The financial institutions are under attack from a new generation of cyber-criminals, ones that are looking to exploit weaknesses in the algorithms used to conduct automatic trades. Algorithms are widely used within financial institutions to generate mass trades – at one venture capital company, an algorithm has been appointed to the board of directors
EJ Hilbert, head of cyber-investigations at Kroll, said that algorithms were a tempting target for cyber-criminals. “Algorithms manipulate data and the bad guys understand that – manipulating data is what they know.”
He couldn't say how common a problem it was as he could only comment on cases where Kroll was brought into investigate. He did say that he knew of at least two recent cases: one where the company had in place procedures that identified a particular issue and one where the company just thought there was something not quite right. “In one case, the bad guy was someone internal; in the other, we couldn't identify where the gang was from.” He pointed out, however, that these were highly organised criminal gangs, ones who were able to sell information and launder the proceeds accordingly.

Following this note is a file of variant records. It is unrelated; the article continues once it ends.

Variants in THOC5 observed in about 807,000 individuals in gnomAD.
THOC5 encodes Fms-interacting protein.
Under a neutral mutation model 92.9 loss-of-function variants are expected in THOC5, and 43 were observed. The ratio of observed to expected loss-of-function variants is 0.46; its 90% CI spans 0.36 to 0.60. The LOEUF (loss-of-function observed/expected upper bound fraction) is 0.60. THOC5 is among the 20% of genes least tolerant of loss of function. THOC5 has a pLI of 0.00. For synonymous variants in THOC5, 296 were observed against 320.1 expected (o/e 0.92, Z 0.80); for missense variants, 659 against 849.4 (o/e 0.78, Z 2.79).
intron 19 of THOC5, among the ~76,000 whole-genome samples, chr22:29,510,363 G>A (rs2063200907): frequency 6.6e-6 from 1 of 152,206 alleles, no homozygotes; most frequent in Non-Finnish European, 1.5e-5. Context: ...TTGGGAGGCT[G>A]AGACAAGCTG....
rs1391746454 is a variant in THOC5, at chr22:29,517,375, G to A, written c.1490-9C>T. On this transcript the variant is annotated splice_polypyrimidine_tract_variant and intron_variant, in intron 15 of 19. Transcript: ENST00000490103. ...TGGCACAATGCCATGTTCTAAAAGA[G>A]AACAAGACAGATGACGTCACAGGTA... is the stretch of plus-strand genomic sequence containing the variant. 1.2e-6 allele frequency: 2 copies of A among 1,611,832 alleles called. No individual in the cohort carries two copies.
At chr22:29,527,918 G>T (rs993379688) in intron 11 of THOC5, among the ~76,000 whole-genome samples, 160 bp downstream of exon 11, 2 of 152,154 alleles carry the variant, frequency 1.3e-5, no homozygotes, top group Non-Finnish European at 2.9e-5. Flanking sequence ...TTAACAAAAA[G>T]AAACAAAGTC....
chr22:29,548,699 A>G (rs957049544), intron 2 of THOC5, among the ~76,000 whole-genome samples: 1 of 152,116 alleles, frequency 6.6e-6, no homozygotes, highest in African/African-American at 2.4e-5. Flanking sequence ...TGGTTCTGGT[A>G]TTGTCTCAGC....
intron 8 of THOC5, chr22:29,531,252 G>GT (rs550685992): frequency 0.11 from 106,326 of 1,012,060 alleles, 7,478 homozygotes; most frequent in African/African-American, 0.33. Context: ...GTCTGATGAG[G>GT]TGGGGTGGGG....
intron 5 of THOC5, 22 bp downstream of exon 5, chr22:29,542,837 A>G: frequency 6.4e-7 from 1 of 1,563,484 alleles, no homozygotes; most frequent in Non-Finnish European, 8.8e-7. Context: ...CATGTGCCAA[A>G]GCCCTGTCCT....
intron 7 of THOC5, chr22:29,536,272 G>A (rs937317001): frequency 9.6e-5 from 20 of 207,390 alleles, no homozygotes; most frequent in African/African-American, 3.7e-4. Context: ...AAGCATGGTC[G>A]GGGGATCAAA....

Hilbert, a former FBI cyber-crime investigator said the really interesting question is what the criminals would do with the compromised source code, whether it would be used to sell it back to the companies that it had been stolen from or whether the criminals would use it themselves. “We know, from monitoring the dark web, that there are discussions about how to use this information,” he said.
Financial authorities have already identified a problem with hedge funds. In April last year, the USA's Security Exchange Commission said it would be looking into brokerage firms and investments advisors to ascertain how protected they were against cyber-attacks and what steps they were taking to protect customer data.
On this side of the pond, regulatory authorities are more circumspect. “We would ensure that companies have adequate systems and controls in place for the management of IT risks,” said a spokeswoman for the Finance Conduct Authority, but said that the authority didn't treat hedge fund companies any different from other financial institutions. Nor did the FCA look into any detail at the level of protection. “We're a financial regulator not a body that assesses IT risk,” the spokeswoman said.
Hilbert said the regulators would want to keep a close eye on trading systems and maybe introduce new procedures. “When there was a lot of credit card crime, systems were tightened and PCI DSS was introduced and there's no less of a problem,” he said.